The pseudo panel was constructed by computing cohorts/cells average for each available cross-section, where the cells are defined as the city for the female age 15-65. After making the pseudo panel, the fixed-effect regression model was applied to scrutinize the determinants of females’ labor force participation FLFP as discussed earlier. This section is based on the estimation of Equation 1. Table 5 presents the results. Gender equality up to 16 years of education has an unfavorable and significant impact on females’ labor force participation.

Klasen and Pieters (2015) and Verick (2014) showed that in poorer kingdoms, the majority of unqualified women contributed to survival activities and informal service. However, if they had additional qualification than secondary school education, higher remuneration urged them to enter theworkforce, particularly if suitable professions were accessible while womenwho were highly qualified might bear to stay out of the workforce. The strong conditional U-shape pattern of the effect of education on labor force participation suggested that, particularly in the middle of the education distribution, other factors depressed females’ labor force participation. This was partly driven by the preferences of educated women for white-collar service employment and stigmas for these women to be working in other sectors. Second, the positive effect of secondary and graduate education on females’ labor force participation has fallen considerably. The evidence shows that this is partly related to a declining effect of selection into higher education. As more women promoted their education, positive selection effects have been diluted, contributing to falling labor force participation rates among the highly-educated individuals. It is also evident from Table 2 as the level of education increases, the unemployment rate of females increases rapidly than males. The result of this study shows that a 1% increase in gender equality up to 16 years of education decreases females’ labor force participation rate by 31%.


 

Table 5. Determinants of Females’ labor force participation at Different Educational Levels

Variables

Coefficients for 16 years of Education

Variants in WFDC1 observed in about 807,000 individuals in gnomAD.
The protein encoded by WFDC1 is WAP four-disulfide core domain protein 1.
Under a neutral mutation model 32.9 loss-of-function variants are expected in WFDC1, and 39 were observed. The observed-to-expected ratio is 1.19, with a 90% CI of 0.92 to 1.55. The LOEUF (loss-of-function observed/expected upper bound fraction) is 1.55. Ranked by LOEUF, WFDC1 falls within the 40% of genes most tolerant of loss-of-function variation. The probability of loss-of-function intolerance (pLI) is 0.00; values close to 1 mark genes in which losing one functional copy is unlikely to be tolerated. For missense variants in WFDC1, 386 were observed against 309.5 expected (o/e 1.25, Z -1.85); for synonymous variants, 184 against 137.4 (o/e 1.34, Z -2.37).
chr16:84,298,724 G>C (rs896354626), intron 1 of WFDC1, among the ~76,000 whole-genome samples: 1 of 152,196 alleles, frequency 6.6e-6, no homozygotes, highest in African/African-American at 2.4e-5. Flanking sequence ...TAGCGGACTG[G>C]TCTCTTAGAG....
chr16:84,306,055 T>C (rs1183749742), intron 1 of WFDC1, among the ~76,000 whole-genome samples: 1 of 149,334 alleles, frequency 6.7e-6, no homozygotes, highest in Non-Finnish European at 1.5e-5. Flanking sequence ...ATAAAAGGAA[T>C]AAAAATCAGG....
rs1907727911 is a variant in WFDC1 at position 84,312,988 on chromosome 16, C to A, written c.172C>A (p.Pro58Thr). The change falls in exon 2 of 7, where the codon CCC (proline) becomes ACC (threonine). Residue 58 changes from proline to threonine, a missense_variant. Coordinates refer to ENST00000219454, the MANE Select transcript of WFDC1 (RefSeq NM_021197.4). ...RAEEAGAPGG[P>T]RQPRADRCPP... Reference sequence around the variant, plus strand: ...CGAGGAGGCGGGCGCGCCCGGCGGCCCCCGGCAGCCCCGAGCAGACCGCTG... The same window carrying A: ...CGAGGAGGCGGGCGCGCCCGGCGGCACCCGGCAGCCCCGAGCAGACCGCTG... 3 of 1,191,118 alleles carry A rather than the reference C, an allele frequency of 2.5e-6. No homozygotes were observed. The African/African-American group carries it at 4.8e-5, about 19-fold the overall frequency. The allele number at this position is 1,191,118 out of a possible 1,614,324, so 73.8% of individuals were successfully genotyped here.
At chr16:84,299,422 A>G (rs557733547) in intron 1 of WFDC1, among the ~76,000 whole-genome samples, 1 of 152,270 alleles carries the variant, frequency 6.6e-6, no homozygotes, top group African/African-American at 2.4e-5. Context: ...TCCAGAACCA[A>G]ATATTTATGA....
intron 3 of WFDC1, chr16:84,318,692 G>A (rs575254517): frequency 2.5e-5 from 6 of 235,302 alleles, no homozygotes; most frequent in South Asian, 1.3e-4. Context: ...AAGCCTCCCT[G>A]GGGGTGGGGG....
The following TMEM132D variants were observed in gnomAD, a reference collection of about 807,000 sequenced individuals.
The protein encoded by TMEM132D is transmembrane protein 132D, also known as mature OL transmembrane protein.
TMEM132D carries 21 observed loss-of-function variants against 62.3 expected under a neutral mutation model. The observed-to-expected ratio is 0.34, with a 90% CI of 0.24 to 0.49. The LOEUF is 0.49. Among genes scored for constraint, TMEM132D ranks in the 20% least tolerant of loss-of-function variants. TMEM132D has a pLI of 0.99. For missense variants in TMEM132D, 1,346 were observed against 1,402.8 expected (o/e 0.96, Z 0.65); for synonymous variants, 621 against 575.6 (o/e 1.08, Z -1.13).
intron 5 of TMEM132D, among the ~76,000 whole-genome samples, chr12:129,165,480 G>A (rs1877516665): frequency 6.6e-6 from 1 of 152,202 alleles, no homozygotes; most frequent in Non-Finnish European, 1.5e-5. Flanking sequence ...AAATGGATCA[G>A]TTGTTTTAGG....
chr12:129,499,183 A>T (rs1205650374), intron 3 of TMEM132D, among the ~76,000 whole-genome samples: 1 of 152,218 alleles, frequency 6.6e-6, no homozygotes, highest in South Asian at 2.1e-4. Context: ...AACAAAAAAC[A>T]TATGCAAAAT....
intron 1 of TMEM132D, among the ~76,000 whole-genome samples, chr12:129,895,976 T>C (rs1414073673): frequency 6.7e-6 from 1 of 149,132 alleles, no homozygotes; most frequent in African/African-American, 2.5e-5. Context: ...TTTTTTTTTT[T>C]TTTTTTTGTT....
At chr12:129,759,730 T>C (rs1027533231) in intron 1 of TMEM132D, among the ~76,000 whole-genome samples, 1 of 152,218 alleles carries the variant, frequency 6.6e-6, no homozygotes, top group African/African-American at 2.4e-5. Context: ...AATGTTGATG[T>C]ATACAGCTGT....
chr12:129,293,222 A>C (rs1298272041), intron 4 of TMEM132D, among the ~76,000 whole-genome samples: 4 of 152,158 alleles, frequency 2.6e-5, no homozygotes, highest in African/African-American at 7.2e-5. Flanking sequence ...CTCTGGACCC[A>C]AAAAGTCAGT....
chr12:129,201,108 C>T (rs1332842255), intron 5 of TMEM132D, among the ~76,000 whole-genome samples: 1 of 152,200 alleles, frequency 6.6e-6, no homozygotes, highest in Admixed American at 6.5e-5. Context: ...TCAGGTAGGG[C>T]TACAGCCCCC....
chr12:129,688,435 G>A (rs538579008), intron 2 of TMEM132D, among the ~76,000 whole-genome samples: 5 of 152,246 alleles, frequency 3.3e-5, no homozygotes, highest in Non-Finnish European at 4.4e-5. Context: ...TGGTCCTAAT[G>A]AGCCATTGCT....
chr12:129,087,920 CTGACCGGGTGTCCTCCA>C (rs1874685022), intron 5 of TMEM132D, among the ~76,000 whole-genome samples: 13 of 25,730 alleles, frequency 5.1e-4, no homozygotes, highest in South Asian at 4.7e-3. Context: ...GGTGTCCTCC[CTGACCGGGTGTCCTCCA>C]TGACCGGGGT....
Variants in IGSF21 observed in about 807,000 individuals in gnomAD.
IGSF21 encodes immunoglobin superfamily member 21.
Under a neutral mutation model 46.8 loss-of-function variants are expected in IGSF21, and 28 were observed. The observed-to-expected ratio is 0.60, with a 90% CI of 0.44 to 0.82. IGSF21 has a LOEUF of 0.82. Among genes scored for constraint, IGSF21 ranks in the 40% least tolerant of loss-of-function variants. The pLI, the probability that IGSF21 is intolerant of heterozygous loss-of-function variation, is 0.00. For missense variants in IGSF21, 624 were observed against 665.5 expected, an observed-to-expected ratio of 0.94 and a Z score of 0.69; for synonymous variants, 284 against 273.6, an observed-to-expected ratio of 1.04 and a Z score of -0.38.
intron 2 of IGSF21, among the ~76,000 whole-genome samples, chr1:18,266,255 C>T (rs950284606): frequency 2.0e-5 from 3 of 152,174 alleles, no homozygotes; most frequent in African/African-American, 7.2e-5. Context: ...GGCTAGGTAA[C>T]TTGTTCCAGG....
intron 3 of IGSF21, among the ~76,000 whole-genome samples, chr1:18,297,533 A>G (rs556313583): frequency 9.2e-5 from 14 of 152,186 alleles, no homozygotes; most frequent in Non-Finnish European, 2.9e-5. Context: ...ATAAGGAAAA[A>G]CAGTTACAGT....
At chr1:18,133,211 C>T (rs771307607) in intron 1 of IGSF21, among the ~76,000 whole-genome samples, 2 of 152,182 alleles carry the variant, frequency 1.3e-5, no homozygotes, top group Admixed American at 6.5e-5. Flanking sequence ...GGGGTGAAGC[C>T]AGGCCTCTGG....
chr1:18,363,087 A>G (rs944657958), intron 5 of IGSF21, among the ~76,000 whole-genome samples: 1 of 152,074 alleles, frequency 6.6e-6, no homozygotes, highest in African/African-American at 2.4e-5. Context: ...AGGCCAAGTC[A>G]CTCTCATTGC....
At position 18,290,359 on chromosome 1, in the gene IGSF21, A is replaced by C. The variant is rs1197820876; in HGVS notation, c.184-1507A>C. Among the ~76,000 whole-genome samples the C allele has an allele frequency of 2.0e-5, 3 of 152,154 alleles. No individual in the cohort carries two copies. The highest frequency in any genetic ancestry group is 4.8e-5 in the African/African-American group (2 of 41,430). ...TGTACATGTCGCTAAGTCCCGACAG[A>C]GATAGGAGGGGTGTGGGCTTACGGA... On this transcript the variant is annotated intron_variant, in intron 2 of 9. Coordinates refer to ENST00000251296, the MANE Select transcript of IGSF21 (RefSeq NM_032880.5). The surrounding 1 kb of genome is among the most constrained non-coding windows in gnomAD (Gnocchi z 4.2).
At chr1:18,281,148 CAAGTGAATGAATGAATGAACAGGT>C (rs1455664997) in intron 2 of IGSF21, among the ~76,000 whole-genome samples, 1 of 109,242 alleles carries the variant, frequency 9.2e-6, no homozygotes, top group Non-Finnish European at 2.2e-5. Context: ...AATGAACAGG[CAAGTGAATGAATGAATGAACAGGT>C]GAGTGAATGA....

Coefficients for Secondary Education

Coefficients for Higher Education

Education Equality Index

(EEI)

-30.503*

(-5.01)

-38.214*

(-5.10)

-20.307***

(-2.56)

Household Size

(HSIZE)

0.799

(1.55)

0.239

(0.46)

0.700

(1.22)

Married Female

(MW)

-85.680*

(-3.21)

-83.853*

(-3.16)

-74.972***

(-2.54)

Single Female

(SW)

-42.170

(-1.45)

-37.657

(-1.30)

-36.657

(-1.13)

Male head of household

(MH)

0.014**

(2.13)

0.010

(1.57)

0.016**

(2.31)

Child Dependency Ratio

(CDR)

0.108***

(1.92)

0.066

(1.12)

0.091

(1.31)

Gas as source of cooking

(GAS)

8.96E-04

(0.53)

1.13E-04

(0.007)

-8.45E-04

(-0.47)

Electricity as source of Lighting (ELEC)

-0.004*

(-3.80)

-0.003*

(-2.78)

-0.004*

(-2.92)

Residential Status on Rent

(REN)

0.005**

(2.07)

0.005***

(1.96)

0.007*

(2.69)

Size of Manufacturing Sector (SSECTOR)

0.075

(1.42)

0.076

(1.45)

0.078

(1.32)

Size of Trade Sector

(STRADE)

0.013

(0.43)

0.003

(0.12)

0.021

(0.65)

Size of Services Sector

(SSERV)

0.1109**

(2.00)

0.098***

(1.79)

0.109***

(1.73)

Female Median Wages

(FWAGES)

1.364*

(2.83)

1.339*

(2.79)

1.541*

(2.83)

Constant

61.923**

(2.06)

67.525**

(2.24)

40.857

(1.24)

Number of observations

112

112

112

R2 within

0.568

0.571

0.464

R2 between

0.002

0.014

0.008

R2 overall

0.119

0.155

0.126

F- statistics (13,71)

7.17 (0.000)*

7.28(0.000)*

4.73(0.000)*

Note: *, **, *** Significant at 1%, 5%, and 10%, respectively. The values in the parentheses represent the t statistics.

Source: Authors


 

Married females in a city have a crucial and unfavorable influence on females’ labor force participation.  As the number of married females increases in a city, females’ labor force participation will decline due to household responsibilities. More precisely, a 1% increase in the proportion of married females in the city will decrease the females’ labor force participation by 86%

Male heads of the household in a city have an affirmative and momentous effect on females’ labor force participation because the head of the household in Pakistan take nearly all of the resolutions. This is because trends of our society are changing now; therefore, a male encourages his female household members to take part in the labor force mainly due to economic reasons and also to make the most of their education. The result showed that a 1% rise in the male head of the household would raise the females’ labor force participation by 1.4%.

Child Dependency Ratio has an affirmative and an imperative influence on females’ labor force participation as the number of kids will increase then females will be encouraged to distribute the monetary burden of their male households. The results of the present study regarding the number of dependent kids in a family are similar to the study of Chaudhry and Nosheen (2009). The result shows that a 1% increase in the child dependency ratio will increase the females’ labor force participation by 11%.

Electricity here was used as an indicator of household well-being. If households have facilities then females’ labor force participation will be discouraged. A 1% increase in the source of the lighting of a household will decrease females’ labor force participation rate by 0.44%. If the household’s occupancy status is on rent then females’ labor force participation will be encouraged. A 1% increase in the occupancy status of a household will increase females’ labor force participation rate by 0.51%. These two variables illustrate that females are participating in the labor market only to support their families financially.